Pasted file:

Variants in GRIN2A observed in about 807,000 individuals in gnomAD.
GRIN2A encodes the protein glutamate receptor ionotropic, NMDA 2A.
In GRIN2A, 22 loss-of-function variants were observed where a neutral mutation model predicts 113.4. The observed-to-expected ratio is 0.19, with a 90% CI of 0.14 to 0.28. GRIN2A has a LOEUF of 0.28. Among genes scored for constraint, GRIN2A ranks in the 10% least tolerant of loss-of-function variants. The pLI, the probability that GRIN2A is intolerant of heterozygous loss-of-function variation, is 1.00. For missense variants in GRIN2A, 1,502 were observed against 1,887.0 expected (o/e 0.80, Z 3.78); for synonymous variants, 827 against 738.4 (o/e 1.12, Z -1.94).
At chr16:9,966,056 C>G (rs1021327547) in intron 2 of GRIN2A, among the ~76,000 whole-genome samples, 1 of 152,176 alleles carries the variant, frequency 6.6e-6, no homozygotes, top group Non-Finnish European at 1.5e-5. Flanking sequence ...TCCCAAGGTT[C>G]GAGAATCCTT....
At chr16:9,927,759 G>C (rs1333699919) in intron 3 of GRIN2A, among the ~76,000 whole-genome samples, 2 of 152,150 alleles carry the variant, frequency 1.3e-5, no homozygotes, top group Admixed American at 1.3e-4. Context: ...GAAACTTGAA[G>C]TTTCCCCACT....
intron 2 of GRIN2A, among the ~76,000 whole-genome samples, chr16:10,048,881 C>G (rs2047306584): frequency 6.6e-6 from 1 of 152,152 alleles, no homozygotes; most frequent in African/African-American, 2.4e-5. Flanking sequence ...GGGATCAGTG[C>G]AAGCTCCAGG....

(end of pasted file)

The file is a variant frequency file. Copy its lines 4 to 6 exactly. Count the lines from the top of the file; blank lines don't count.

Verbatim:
At chr16:9,966,056 C>G (rs1021327547) in intron 2 of GRIN2A, among the ~76,000 whole-genome samples, 1 of 152,176 alleles carries the variant, frequency 6.6e-6, no homozygotes, top group Non-Finnish European at 1.5e-5. Flanking sequence ...TCCCAAGGTT[C>G]GAGAATCCTT....
At chr16:9,927,759 G>C (rs1333699919) in intron 3 of GRIN2A, among the ~76,000 whole-genome samples, 2 of 152,150 alleles carry the variant, frequency 1.3e-5, no homozygotes, top group Admixed American at 1.3e-4. Context: ...GAAACTTGAA[G>C]TTTCCCCACT....
intron 2 of GRIN2A, among the ~76,000 whole-genome samples, chr16:10,048,881 C>G (rs2047306584): frequency 6.6e-6 from 1 of 152,152 alleles, no homozygotes; most frequent in African/African-American, 2.4e-5. Flanking sequence ...GGGATCAGTG[C>G]AAGCTCCAGG....